• Festivals

The Tromsø Film Festival: The Winter Cinema

The Tromsø Film Festival, in northern Norway, ran from January 16th to the 21st. It celebrated its 33rd edition and exhibited approximately 160 films, with 90 of them showing in the main program.

The event included public Q&A sessions with renowned filmmakers. Italy’s Carolina Cavalli came to Tromsø to talk about her film, Amanda. Ukrainian producer Darya Bassell presented his new film, Butterfly Vision. And French director Cedric Ido came to town to present his sci-fi work titled The Gravity. Additionally, the festival organized workshops and other engaging industry events.

The Winter Cinema, situated in the city square, featured around 60 films and treated the Tromsø community to such programs as ‘Films from the North’, starring works from all the Arctic areas: northern Norway, Sweden, Finland, Russia, Canada, Alaska, Iceland, and Greenland.

Speaking to festival director Lisa Hoen at the Tromsø headquarters, she said, “The Winter Cinema is really special because we live an Arctic life here. This is so Arctic – to get dressed, put on warm clothes, go and watch films outdoors. It’s an arena that is free for everybody. You don’t have to buy a ticket.” The cinema became more popular during the first year of Covid when they held world premieres. It has remained a favorite with the Tromsø community. “I think people have realized, ‘Okay, I can actually sit there for one hour or two hours and watch films. And it’s a great experience.’”

The opening film, Let the River Flow, won the Audience Award. The movie is about an important era in Norwegian history concerning the struggles and identity crisis of the Sami community (the indigenous people who live in Lapland across northern Norway, Sweden, Finland, and the Kola Peninsula of Russia).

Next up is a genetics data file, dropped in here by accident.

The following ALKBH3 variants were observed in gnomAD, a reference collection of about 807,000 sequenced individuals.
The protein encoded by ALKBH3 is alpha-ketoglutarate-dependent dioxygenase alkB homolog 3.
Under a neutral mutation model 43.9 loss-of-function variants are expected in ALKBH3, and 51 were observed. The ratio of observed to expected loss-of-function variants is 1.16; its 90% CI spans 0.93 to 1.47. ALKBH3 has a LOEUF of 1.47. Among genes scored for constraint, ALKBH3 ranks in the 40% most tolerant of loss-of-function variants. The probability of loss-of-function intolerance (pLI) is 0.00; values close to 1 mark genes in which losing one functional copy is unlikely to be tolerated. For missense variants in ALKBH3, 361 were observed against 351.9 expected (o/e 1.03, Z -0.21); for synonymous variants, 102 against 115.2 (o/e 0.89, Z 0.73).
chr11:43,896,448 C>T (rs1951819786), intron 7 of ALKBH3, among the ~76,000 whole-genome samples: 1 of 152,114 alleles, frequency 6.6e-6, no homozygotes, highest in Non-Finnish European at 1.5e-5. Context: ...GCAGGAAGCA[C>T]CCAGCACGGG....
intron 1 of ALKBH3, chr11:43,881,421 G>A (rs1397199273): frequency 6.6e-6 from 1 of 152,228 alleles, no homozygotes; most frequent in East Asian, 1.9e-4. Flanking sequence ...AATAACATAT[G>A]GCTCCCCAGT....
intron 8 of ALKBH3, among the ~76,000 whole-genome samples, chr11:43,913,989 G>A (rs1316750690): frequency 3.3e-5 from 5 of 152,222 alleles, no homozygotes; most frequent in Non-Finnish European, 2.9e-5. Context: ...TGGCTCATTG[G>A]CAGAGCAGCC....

Says Hoen: “The opening film is, of course, a highlight for me. Let The River Flow is a really important film for the whole of Norway. Especially northern Norway. It’s about a very important political happening back in 1979 and ’80: the building of this hydro electrical dam to get more electricity, and power, and energy.”

Some of the other wins at the festival included The Aurora Prize, awarded to Women Talking. The Honorable Mention went to The Blue Caftan, a co-production from France, Morocco, Belgium and Denmark. The film also won the Don Quixote prize. The Fipresci award went to Pacification, a production from France, Spain, Germany, and Portugal. As for the Tromsø  Palm, the award distinguished the Norwegian film Unborn Biru. 

The closing night party was held at Storgata Camping and featured live performances by A Million Pineapples, Kinsella, DJ Nefertiti, Nonne, Tondra, and The Dodge Brothers.

One of the unique components of the festival was the slate of films presented by the Sami community. Hoen says, “The Sami films have been a part of our festival for a long time through the ‘Films From the North’ program. Indigenous films have been a natural part for us in this program. As a festival director, I want to focus on indigenous films and Sami films in particular because I’m from northern Norway and my family also has a Sami background. It’s important for me, for Tromsø, for our city. There has been a discussion about whether Tromsø is a Sami city. After all, this is the city with the biggest Sami population in Norway. The Sami language exists. The Sami culture and the Sami language have been hidden for many years. So, it’s time to bring it up and highlight it.”

Hoen has worked on and off with the festival since 2005. “It’s become a lot bigger. I think we have more films and a bigger audience. Also, the festival has developed as an organization because we run Verdensteatret, the old cinema, all year. We have a silent film festival and a children’s film festival.”

Thanks to the attention garnered, the film festival has helped put Tromsø on the map in many respects. “Yes,” Hoen nods. “It’s really important for me. I was born in Tromsø. I grew up here. TIFF is one of the reasons I stayed here. I started attending the festival when I was 17. I skipped school together with a friend and went to the festival,” she chuckles. “With TIFF I always felt we had this pulse in the city, like something’s going on. It’s very international. We have many international guests. I felt I was in touch with the world although I’m all the way up in the Arctic.”